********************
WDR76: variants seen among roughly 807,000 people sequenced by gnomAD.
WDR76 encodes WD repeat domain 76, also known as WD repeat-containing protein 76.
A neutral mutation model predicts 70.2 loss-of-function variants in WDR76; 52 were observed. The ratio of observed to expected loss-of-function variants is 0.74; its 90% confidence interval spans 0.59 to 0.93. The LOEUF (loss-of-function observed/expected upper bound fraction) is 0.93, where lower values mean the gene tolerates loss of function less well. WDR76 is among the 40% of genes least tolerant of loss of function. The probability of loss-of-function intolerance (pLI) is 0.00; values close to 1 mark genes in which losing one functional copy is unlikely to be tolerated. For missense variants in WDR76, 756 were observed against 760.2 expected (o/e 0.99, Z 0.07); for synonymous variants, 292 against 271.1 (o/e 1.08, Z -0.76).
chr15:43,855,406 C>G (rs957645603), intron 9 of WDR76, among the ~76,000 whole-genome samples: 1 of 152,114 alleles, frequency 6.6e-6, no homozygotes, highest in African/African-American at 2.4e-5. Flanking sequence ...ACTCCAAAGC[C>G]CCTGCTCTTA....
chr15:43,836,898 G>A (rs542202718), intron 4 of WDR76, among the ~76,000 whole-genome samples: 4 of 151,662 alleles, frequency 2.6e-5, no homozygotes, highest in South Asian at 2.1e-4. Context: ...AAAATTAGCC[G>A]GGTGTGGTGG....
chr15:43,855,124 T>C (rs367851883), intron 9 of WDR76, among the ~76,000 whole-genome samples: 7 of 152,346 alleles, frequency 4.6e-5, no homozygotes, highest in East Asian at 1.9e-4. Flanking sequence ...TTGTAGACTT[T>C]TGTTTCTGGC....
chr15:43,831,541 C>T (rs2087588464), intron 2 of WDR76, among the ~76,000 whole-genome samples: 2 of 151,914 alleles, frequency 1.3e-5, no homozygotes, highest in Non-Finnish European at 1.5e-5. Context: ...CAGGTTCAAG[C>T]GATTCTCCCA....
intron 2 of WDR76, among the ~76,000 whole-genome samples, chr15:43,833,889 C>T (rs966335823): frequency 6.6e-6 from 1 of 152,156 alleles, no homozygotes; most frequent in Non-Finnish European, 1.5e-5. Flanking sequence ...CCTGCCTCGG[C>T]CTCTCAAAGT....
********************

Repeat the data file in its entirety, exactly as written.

WDR76: variants seen among roughly 807,000 people sequenced by gnomAD.
WDR76 encodes WD repeat domain 76, also known as WD repeat-containing protein 76.
A neutral mutation model predicts 70.2 loss-of-function variants in WDR76; 52 were observed. The ratio of observed to expected loss-of-function variants is 0.74; its 90% confidence interval spans 0.59 to 0.93. The LOEUF (loss-of-function observed/expected upper bound fraction) is 0.93, where lower values mean the gene tolerates loss of function less well. WDR76 is among the 40% of genes least tolerant of loss of function. The probability of loss-of-function intolerance (pLI) is 0.00; values close to 1 mark genes in which losing one functional copy is unlikely to be tolerated. For missense variants in WDR76, 756 were observed against 760.2 expected (o/e 0.99, Z 0.07); for synonymous variants, 292 against 271.1 (o/e 1.08, Z -0.76).
chr15:43,855,406 C>G (rs957645603), intron 9 of WDR76, among the ~76,000 whole-genome samples: 1 of 152,114 alleles, frequency 6.6e-6, no homozygotes, highest in African/African-American at 2.4e-5. Flanking sequence ...ACTCCAAAGC[C>G]CCTGCTCTTA....
chr15:43,836,898 G>A (rs542202718), intron 4 of WDR76, among the ~76,000 whole-genome samples: 4 of 151,662 alleles, frequency 2.6e-5, no homozygotes, highest in South Asian at 2.1e-4. Context: ...AAAATTAGCC[G>A]GGTGTGGTGG....
chr15:43,855,124 T>C (rs367851883), intron 9 of WDR76, among the ~76,000 whole-genome samples: 7 of 152,346 alleles, frequency 4.6e-5, no homozygotes, highest in East Asian at 1.9e-4. Flanking sequence ...TTGTAGACTT[T>C]TGTTTCTGGC....
chr15:43,831,541 C>T (rs2087588464), intron 2 of WDR76, among the ~76,000 whole-genome samples: 2 of 151,914 alleles, frequency 1.3e-5, no homozygotes, highest in Non-Finnish European at 1.5e-5. Context: ...CAGGTTCAAG[C>T]GATTCTCCCA....
intron 2 of WDR76, among the ~76,000 whole-genome samples, chr15:43,833,889 C>T (rs966335823): frequency 6.6e-6 from 1 of 152,156 alleles, no homozygotes; most frequent in Non-Finnish European, 1.5e-5. Flanking sequence ...CCTGCCTCGG[C>T]CTCTCAAAGT....